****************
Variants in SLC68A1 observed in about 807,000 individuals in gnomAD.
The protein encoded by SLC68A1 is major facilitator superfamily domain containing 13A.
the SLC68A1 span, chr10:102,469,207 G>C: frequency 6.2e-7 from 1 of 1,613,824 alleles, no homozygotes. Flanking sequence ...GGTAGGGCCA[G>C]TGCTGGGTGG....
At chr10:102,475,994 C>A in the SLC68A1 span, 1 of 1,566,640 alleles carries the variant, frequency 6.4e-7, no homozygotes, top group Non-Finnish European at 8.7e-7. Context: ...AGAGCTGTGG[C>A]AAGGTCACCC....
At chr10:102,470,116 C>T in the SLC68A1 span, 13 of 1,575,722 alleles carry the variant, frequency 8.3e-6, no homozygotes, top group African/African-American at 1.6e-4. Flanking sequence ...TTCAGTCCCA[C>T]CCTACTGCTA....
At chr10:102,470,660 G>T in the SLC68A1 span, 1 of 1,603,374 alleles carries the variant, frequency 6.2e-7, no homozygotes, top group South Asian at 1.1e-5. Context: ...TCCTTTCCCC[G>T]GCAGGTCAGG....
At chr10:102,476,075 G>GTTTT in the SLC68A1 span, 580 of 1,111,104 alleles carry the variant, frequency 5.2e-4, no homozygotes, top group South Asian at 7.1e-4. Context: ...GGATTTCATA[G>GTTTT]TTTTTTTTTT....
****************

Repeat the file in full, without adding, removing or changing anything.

Variants in SLC68A1 observed in about 807,000 individuals in gnomAD.
The protein encoded by SLC68A1 is major facilitator superfamily domain containing 13A.
the SLC68A1 span, chr10:102,469,207 G>C: frequency 6.2e-7 from 1 of 1,613,824 alleles, no homozygotes. Flanking sequence ...GGTAGGGCCA[G>C]TGCTGGGTGG....
At chr10:102,475,994 C>A in the SLC68A1 span, 1 of 1,566,640 alleles carries the variant, frequency 6.4e-7, no homozygotes, top group Non-Finnish European at 8.7e-7. Context: ...AGAGCTGTGG[C>A]AAGGTCACCC....
At chr10:102,470,116 C>T in the SLC68A1 span, 13 of 1,575,722 alleles carry the variant, frequency 8.3e-6, no homozygotes, top group African/African-American at 1.6e-4. Flanking sequence ...TTCAGTCCCA[C>T]CCTACTGCTA....
At chr10:102,470,660 G>T in the SLC68A1 span, 1 of 1,603,374 alleles carries the variant, frequency 6.2e-7, no homozygotes, top group South Asian at 1.1e-5. Context: ...TCCTTTCCCC[G>T]GCAGGTCAGG....
At chr10:102,476,075 G>GTTTT in the SLC68A1 span, 580 of 1,111,104 alleles carry the variant, frequency 5.2e-4, no homozygotes, top group South Asian at 7.1e-4. Context: ...GGATTTCATA[G>GTTTT]TTTTTTTTTT....